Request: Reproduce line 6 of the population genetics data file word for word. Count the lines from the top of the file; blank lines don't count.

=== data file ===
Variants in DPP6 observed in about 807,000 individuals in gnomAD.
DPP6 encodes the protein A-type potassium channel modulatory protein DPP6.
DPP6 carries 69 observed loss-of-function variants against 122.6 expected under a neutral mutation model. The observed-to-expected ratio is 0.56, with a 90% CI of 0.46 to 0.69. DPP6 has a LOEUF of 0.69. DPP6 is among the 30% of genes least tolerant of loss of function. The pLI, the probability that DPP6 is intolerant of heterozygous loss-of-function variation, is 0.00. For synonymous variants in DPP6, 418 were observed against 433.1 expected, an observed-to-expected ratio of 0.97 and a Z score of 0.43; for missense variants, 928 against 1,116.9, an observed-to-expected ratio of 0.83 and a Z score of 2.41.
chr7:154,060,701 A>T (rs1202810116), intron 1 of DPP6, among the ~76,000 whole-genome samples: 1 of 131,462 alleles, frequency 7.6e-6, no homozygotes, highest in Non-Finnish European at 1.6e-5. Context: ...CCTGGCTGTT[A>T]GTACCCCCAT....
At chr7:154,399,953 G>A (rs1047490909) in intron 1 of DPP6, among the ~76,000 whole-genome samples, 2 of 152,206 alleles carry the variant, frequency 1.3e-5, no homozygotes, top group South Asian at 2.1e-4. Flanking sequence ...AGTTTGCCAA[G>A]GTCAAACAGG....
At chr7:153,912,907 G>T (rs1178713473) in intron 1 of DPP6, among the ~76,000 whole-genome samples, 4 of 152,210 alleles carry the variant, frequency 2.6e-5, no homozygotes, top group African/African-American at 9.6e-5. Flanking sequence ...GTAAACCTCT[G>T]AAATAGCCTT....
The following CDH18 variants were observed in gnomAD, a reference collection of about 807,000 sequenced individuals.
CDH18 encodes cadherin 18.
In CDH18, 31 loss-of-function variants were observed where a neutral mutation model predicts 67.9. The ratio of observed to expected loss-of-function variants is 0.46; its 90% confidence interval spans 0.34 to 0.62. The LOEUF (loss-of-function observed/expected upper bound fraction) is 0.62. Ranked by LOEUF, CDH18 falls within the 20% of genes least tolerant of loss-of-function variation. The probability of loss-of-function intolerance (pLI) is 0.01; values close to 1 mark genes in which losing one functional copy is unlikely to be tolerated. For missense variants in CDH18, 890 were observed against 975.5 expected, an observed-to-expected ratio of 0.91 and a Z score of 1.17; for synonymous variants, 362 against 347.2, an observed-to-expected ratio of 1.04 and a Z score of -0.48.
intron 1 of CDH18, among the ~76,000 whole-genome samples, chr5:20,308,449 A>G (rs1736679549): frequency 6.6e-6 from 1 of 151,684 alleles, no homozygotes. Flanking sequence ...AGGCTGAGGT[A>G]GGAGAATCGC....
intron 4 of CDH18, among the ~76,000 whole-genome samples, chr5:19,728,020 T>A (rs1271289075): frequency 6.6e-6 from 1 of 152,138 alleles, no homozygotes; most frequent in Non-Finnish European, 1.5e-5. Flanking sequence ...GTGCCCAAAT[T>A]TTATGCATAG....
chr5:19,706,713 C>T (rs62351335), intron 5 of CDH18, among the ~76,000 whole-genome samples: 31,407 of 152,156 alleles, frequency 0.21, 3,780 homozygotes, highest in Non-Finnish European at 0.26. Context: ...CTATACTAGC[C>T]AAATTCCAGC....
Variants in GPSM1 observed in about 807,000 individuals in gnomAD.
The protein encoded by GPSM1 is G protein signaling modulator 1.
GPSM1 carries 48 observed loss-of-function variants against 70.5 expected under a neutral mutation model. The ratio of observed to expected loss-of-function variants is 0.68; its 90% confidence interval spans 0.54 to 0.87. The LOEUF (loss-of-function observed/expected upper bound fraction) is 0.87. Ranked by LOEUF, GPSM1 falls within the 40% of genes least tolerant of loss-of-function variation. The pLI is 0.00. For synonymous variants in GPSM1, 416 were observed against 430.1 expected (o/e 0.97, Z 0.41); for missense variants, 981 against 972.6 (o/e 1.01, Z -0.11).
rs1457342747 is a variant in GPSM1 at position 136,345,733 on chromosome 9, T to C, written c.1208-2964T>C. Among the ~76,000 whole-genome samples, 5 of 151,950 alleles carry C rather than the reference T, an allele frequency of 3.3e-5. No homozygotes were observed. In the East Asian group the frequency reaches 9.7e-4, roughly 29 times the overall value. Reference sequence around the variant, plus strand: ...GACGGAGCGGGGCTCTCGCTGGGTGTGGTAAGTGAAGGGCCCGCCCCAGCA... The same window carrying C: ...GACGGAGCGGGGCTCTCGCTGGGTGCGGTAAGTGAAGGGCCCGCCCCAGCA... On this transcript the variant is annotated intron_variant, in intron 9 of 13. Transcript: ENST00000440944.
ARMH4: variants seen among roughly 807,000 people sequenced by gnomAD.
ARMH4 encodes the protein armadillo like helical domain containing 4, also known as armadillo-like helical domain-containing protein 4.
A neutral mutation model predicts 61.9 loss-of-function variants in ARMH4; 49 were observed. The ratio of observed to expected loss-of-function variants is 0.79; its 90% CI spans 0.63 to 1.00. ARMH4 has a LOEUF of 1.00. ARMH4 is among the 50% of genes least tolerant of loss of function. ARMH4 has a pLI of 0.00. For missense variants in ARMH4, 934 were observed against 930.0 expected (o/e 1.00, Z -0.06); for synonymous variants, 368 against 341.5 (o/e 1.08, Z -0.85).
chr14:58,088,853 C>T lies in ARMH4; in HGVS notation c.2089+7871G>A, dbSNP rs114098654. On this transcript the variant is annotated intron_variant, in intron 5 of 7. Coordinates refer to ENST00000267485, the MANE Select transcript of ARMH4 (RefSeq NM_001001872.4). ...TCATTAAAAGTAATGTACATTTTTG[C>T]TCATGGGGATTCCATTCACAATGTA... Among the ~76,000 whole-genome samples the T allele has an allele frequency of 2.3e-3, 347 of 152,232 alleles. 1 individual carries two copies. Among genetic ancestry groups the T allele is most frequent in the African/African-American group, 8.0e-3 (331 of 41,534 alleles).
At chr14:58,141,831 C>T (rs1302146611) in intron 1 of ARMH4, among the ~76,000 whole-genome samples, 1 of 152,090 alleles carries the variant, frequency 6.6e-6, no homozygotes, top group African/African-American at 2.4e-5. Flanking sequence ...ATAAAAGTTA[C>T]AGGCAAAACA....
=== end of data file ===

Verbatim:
At chr7:153,912,907 G>T (rs1178713473) in intron 1 of DPP6, among the ~76,000 whole-genome samples, 4 of 152,210 alleles carry the variant, frequency 2.6e-5, no homozygotes, top group African/African-American at 9.6e-5. Flanking sequence ...GTAAACCTCT[G>T]AAATAGCCTT....